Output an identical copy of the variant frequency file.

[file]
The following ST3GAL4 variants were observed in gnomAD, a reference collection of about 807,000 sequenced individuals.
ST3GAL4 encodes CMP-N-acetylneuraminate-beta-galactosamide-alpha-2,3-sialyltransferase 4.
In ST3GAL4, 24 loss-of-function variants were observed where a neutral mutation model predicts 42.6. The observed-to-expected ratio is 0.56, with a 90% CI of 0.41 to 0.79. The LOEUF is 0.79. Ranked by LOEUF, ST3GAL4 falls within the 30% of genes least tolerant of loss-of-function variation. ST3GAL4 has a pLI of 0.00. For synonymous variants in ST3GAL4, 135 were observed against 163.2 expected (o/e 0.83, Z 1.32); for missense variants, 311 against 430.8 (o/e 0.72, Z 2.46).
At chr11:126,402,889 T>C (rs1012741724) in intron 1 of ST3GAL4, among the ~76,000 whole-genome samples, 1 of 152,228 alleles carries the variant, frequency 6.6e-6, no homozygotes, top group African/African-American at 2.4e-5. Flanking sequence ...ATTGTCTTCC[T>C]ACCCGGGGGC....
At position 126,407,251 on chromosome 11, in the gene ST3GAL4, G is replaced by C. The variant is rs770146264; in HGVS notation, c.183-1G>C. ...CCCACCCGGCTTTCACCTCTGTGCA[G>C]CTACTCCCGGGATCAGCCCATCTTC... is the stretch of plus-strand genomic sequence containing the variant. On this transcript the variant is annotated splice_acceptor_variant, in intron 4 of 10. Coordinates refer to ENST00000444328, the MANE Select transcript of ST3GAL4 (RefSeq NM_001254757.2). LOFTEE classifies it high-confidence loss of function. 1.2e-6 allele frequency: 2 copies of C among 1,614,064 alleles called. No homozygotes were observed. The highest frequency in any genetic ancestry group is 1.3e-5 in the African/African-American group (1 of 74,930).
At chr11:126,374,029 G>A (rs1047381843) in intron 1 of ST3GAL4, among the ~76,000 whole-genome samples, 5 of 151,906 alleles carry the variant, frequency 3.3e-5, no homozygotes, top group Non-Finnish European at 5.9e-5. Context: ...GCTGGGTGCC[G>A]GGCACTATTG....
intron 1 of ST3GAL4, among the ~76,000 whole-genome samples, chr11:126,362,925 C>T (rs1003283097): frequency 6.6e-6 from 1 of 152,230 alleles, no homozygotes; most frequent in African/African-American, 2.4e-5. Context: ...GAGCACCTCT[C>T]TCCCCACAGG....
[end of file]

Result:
The following ST3GAL4 variants were observed in gnomAD, a reference collection of about 807,000 sequenced individuals.
ST3GAL4 encodes CMP-N-acetylneuraminate-beta-galactosamide-alpha-2,3-sialyltransferase 4.
In ST3GAL4, 24 loss-of-function variants were observed where a neutral mutation model predicts 42.6. The observed-to-expected ratio is 0.56, with a 90% CI of 0.41 to 0.79. The LOEUF is 0.79. Ranked by LOEUF, ST3GAL4 falls within the 30% of genes least tolerant of loss-of-function variation. ST3GAL4 has a pLI of 0.00. For synonymous variants in ST3GAL4, 135 were observed against 163.2 expected (o/e 0.83, Z 1.32); for missense variants, 311 against 430.8 (o/e 0.72, Z 2.46).
At chr11:126,402,889 T>C (rs1012741724) in intron 1 of ST3GAL4, among the ~76,000 whole-genome samples, 1 of 152,228 alleles carries the variant, frequency 6.6e-6, no homozygotes, top group African/African-American at 2.4e-5. Flanking sequence ...ATTGTCTTCC[T>C]ACCCGGGGGC....
At position 126,407,251 on chromosome 11, in the gene ST3GAL4, G is replaced by C. The variant is rs770146264; in HGVS notation, c.183-1G>C. ...CCCACCCGGCTTTCACCTCTGTGCA[G>C]CTACTCCCGGGATCAGCCCATCTTC... is the stretch of plus-strand genomic sequence containing the variant. On this transcript the variant is annotated splice_acceptor_variant, in intron 4 of 10. Coordinates refer to ENST00000444328, the MANE Select transcript of ST3GAL4 (RefSeq NM_001254757.2). LOFTEE classifies it high-confidence loss of function. 1.2e-6 allele frequency: 2 copies of C among 1,614,064 alleles called. No homozygotes were observed. The highest frequency in any genetic ancestry group is 1.3e-5 in the African/African-American group (1 of 74,930).
At chr11:126,374,029 G>A (rs1047381843) in intron 1 of ST3GAL4, among the ~76,000 whole-genome samples, 5 of 151,906 alleles carry the variant, frequency 3.3e-5, no homozygotes, top group Non-Finnish European at 5.9e-5. Context: ...GCTGGGTGCC[G>A]GGCACTATTG....
intron 1 of ST3GAL4, among the ~76,000 whole-genome samples, chr11:126,362,925 C>T (rs1003283097): frequency 6.6e-6 from 1 of 152,230 alleles, no homozygotes; most frequent in African/African-American, 2.4e-5. Context: ...GAGCACCTCT[C>T]TCCCCACAGG....